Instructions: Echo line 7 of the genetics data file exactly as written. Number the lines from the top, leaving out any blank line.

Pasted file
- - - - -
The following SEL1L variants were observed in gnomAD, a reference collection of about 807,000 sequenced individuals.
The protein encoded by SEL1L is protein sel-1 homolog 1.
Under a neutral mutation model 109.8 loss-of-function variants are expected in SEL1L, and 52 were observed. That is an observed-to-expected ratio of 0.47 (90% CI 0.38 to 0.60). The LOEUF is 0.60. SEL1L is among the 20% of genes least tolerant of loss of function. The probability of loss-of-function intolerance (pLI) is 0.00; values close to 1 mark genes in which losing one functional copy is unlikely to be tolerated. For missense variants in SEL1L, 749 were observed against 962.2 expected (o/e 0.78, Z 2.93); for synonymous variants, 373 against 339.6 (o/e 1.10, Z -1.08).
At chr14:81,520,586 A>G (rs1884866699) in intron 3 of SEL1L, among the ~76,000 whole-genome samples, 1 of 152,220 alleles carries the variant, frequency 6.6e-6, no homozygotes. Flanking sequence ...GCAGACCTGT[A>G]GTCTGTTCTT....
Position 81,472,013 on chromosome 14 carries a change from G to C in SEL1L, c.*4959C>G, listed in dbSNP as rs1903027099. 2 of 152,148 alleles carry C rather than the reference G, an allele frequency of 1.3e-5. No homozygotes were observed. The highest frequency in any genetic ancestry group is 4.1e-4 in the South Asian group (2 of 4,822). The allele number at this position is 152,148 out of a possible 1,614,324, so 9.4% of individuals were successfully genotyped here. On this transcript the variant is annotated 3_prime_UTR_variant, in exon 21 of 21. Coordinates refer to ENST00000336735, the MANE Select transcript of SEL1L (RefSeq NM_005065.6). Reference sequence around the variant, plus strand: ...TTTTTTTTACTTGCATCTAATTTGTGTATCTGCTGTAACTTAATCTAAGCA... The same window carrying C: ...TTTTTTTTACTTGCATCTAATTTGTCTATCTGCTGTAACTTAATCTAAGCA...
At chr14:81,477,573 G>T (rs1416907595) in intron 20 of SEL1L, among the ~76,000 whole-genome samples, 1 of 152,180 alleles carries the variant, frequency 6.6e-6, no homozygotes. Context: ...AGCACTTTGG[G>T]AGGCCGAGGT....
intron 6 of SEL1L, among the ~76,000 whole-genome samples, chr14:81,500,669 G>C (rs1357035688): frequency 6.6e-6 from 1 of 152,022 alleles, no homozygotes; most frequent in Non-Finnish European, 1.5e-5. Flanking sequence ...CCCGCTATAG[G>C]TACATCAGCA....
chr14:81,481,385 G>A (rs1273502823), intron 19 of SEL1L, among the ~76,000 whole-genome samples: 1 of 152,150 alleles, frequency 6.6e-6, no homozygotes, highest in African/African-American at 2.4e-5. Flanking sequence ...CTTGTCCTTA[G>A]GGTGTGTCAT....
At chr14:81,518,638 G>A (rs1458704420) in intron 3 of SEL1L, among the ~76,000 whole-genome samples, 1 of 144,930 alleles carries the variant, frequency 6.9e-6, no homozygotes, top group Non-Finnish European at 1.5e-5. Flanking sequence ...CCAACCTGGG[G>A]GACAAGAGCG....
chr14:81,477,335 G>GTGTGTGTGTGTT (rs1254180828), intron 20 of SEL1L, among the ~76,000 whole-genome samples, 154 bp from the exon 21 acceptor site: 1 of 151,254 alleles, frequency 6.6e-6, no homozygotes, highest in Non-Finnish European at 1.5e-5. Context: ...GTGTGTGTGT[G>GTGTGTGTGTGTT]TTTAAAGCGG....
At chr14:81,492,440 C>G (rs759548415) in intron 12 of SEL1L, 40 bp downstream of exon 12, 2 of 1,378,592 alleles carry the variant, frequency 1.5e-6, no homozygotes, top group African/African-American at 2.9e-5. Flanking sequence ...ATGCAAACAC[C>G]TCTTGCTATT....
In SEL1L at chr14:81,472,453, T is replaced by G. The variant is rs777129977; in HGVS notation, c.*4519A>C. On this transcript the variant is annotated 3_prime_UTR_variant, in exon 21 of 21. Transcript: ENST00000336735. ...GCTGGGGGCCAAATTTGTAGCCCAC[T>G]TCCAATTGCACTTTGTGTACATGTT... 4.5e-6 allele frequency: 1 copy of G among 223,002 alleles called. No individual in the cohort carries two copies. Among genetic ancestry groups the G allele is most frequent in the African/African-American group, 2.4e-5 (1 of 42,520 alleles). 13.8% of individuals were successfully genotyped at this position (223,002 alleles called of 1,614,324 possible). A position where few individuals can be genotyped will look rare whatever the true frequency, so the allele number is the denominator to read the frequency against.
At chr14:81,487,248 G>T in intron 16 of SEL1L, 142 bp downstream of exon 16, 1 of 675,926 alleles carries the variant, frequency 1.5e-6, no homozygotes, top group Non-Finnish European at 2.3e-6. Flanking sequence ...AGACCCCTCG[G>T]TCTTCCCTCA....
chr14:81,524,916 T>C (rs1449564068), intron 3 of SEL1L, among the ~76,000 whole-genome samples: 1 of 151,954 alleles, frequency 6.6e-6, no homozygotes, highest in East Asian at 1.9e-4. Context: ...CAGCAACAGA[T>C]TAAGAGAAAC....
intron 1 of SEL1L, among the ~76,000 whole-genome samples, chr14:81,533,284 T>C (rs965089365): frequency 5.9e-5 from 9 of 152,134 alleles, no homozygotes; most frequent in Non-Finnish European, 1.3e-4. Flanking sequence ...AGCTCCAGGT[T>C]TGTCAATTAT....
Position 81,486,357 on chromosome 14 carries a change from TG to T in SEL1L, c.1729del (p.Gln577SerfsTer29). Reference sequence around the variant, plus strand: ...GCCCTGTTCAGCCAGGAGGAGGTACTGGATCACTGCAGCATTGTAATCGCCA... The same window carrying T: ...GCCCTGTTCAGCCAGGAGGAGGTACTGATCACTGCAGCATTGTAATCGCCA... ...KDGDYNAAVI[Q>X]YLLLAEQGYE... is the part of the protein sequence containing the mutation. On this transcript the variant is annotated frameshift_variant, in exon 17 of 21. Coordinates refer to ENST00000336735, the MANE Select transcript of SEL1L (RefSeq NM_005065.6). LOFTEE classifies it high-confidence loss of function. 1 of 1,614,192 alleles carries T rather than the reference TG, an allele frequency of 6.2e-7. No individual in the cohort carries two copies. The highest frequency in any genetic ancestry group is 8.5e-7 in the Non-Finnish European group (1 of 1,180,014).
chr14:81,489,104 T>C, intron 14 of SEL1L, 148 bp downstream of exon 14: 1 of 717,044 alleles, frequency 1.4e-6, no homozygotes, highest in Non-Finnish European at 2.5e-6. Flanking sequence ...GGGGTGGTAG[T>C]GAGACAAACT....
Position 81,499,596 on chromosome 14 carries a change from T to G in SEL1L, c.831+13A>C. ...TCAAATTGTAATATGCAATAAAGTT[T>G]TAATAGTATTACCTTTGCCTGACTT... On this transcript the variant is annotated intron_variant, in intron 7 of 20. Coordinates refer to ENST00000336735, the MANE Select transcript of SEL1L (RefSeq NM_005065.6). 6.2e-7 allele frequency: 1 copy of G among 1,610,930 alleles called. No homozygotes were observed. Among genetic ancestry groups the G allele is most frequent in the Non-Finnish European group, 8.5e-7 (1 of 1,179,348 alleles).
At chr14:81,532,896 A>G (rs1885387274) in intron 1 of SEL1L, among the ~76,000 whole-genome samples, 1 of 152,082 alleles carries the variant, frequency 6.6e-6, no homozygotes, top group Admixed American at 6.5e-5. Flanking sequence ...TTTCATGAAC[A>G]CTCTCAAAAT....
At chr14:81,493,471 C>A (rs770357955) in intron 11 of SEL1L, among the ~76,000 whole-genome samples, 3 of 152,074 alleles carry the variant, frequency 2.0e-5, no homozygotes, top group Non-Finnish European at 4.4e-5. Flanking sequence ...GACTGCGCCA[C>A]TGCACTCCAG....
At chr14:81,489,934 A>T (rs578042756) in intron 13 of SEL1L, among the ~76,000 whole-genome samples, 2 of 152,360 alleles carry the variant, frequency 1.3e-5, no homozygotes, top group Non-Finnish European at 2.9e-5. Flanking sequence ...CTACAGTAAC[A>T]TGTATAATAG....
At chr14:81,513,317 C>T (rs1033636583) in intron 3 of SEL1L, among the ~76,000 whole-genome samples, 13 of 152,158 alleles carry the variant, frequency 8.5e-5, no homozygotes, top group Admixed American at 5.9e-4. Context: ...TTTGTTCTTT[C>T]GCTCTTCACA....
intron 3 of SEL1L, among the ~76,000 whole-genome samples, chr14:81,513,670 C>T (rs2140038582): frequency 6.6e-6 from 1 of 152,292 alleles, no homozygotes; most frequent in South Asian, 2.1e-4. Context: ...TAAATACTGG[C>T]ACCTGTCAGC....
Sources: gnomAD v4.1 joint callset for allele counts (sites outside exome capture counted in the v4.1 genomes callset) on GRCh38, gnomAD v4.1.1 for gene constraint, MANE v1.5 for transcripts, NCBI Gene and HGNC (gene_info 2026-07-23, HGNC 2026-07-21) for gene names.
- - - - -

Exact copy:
intron 6 of SEL1L, among the ~76,000 whole-genome samples, chr14:81,500,669 G>C (rs1357035688): frequency 6.6e-6 from 1 of 152,022 alleles, no homozygotes; most frequent in Non-Finnish European, 1.5e-5. Flanking sequence ...CCCGCTATAG[G>C]TACATCAGCA....